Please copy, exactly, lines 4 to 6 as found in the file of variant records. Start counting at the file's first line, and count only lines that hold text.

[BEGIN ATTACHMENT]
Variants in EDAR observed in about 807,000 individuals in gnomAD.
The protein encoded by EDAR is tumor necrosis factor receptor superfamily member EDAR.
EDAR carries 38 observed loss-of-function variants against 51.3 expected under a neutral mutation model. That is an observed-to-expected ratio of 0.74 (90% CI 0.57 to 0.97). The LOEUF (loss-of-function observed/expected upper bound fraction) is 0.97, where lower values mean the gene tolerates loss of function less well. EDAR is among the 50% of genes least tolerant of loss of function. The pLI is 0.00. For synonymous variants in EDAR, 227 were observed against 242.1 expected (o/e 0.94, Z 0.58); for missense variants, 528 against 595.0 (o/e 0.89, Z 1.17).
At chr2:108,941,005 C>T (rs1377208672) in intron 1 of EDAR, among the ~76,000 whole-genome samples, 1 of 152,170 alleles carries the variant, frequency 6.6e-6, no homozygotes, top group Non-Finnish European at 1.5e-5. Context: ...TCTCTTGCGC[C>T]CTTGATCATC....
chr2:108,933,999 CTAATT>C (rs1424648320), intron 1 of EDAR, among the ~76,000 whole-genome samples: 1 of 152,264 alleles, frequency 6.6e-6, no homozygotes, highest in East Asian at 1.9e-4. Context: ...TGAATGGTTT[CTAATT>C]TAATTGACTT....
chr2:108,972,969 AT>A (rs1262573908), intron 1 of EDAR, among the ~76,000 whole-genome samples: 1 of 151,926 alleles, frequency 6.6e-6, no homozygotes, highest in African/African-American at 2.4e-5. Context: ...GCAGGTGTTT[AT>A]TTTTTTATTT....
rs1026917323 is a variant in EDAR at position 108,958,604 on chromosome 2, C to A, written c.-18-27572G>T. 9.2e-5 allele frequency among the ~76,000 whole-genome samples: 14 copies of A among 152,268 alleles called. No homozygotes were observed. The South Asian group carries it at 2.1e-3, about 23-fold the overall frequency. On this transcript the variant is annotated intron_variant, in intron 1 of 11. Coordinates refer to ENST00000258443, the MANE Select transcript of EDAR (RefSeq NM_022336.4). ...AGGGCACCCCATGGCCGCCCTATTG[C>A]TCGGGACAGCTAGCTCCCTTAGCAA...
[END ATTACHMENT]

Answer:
At chr2:108,941,005 C>T (rs1377208672) in intron 1 of EDAR, among the ~76,000 whole-genome samples, 1 of 152,170 alleles carries the variant, frequency 6.6e-6, no homozygotes, top group Non-Finnish European at 1.5e-5. Context: ...TCTCTTGCGC[C>T]CTTGATCATC....
chr2:108,933,999 CTAATT>C (rs1424648320), intron 1 of EDAR, among the ~76,000 whole-genome samples: 1 of 152,264 alleles, frequency 6.6e-6, no homozygotes, highest in East Asian at 1.9e-4. Context: ...TGAATGGTTT[CTAATT>C]TAATTGACTT....
chr2:108,972,969 AT>A (rs1262573908), intron 1 of EDAR, among the ~76,000 whole-genome samples: 1 of 151,926 alleles, frequency 6.6e-6, no homozygotes, highest in African/African-American at 2.4e-5. Context: ...GCAGGTGTTT[AT>A]TTTTTTATTT....